Outside the marginals

A commentary on the politics that followed the UK 2010, 2015 & 2017 elections (and THAT referendum)

Archive for the tag “body of representatives”

The Crisis of Indirect Democracy and its Consequences

Indirect democracy is a fragile child. In effect we say we (“democratically”) elect representatives to a body that then “does governing for us”. This is in stark contrast to direct democracy – which in its most extreme state has everybody having a vote on everything.

Parliaments should be shining examples of indirect democracy at work. They consist of “representatives”, not mandated delegates, who collectively form a body that should be recognised as “representative”. Their legitimacy depends, I believe, on three factors.

  • Whether elections to the parliament are recognised as “free and fair”
  • Whether the resulting parliament is recognised as “representative”
  • Whether the parliament through its collective actions and the actions of its members retains the “respect of the people”.

In the UK, I think we are, to a degree, failing on all three of the above. Read more…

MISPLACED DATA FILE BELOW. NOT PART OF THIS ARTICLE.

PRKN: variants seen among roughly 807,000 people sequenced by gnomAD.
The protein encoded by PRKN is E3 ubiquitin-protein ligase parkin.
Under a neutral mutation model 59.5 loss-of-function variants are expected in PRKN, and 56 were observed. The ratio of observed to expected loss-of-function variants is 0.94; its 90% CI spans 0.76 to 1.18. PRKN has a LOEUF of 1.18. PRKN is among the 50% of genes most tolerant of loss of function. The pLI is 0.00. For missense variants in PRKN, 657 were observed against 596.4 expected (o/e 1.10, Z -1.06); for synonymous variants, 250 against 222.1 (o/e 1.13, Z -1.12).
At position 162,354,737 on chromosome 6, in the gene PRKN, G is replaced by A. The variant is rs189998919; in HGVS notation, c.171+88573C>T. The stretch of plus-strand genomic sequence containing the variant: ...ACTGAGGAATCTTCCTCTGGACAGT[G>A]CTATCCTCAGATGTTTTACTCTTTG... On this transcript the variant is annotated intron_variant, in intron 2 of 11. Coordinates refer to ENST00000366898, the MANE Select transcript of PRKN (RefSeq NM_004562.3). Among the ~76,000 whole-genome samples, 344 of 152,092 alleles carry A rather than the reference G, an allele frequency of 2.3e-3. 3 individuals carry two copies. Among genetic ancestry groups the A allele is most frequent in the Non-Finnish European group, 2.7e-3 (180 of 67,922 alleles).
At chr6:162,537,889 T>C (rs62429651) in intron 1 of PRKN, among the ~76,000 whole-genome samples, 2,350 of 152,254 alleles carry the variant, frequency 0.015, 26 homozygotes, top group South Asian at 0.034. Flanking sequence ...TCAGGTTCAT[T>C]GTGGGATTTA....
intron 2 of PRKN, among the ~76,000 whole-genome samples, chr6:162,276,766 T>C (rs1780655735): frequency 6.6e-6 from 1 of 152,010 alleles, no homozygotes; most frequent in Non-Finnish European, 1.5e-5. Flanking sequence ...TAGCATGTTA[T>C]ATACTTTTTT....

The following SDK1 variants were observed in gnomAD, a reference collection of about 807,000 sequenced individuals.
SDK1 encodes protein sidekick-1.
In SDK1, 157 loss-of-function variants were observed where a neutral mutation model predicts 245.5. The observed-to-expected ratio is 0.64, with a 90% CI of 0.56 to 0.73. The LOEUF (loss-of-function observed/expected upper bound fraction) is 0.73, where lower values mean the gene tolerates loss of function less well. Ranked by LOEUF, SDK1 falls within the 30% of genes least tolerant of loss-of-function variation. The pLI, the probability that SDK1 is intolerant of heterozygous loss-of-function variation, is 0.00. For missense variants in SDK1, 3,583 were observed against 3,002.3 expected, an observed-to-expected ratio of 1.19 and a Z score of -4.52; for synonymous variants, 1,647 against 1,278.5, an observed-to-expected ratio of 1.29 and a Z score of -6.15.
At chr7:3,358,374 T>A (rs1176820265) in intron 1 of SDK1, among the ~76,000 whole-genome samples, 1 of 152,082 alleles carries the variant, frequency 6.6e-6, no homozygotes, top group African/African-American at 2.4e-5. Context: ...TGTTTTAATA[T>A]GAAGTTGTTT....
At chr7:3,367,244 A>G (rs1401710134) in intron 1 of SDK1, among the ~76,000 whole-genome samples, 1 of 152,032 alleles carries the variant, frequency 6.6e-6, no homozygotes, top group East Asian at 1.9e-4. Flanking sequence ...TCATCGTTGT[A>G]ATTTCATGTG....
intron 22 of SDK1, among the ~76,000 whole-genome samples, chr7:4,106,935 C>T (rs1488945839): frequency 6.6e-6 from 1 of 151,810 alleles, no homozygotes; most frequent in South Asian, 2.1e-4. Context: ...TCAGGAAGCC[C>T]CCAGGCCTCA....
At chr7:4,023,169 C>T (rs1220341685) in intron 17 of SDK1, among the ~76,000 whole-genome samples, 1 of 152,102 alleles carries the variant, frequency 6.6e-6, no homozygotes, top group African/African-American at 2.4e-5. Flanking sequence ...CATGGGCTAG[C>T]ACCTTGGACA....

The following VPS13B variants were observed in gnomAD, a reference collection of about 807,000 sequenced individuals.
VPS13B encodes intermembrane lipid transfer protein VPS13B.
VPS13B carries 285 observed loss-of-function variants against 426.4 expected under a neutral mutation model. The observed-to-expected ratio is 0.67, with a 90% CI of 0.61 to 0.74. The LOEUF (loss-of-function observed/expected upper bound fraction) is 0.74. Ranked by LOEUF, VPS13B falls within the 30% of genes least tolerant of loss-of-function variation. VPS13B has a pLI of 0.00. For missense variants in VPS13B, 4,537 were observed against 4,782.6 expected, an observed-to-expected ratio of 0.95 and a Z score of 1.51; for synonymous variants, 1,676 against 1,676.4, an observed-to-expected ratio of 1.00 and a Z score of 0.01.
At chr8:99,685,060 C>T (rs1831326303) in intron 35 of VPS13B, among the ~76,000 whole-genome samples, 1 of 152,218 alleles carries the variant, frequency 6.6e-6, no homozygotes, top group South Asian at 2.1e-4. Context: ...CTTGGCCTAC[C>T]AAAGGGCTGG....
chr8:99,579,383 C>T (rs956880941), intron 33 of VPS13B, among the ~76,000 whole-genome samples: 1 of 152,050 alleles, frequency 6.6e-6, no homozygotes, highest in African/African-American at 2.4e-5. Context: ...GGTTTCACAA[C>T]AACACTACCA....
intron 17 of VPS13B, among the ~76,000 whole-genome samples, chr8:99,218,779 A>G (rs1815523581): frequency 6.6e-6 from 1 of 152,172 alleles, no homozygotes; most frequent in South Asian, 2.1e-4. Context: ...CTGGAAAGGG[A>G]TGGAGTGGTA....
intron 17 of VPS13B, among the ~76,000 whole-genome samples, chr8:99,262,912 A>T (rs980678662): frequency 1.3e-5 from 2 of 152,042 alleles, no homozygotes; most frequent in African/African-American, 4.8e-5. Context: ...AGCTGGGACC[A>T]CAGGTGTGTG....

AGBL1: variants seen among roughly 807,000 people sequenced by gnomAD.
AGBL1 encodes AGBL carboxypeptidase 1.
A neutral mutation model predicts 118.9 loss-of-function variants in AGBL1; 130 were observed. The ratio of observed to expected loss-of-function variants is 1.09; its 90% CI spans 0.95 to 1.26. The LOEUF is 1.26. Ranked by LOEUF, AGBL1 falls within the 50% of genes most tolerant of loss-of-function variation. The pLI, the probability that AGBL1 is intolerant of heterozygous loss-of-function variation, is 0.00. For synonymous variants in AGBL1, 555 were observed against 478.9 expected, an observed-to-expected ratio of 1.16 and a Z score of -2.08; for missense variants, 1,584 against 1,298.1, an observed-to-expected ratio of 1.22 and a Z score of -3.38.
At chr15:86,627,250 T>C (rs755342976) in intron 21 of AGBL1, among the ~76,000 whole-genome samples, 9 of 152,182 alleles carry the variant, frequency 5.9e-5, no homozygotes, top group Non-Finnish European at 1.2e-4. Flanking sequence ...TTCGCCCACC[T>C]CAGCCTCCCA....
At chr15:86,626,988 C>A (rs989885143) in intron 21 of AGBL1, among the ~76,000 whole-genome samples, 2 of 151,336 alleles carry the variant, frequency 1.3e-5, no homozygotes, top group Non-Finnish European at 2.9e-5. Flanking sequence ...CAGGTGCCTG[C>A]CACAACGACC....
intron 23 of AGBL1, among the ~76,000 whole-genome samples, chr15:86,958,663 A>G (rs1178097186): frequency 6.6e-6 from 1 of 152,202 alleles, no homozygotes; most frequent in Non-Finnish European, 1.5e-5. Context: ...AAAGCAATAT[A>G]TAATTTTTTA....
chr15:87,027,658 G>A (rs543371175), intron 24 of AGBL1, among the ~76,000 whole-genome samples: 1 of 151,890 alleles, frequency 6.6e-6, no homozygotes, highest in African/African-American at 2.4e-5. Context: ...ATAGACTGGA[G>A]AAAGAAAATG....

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Is an Unrepresentative Parliament a necessary EVEL?

The Scots (specifically the Scottish Nationalists at Westminster) look to be about to “save the fox“. That raises yet more questions about Cameron’s piecemeal approach to a new “constitutional settlement”.

This arises from the unanswered question about what the UK Parliament at Westminster should be. Whilst I have often complained that I am unrepresented in Parliament, I none-the-less subscribe to the belief that a Parliament should be a representative body rather than merely a body of representatives.

The difference is important and possibly holds the key to the current “Westminster Question”. Read more…

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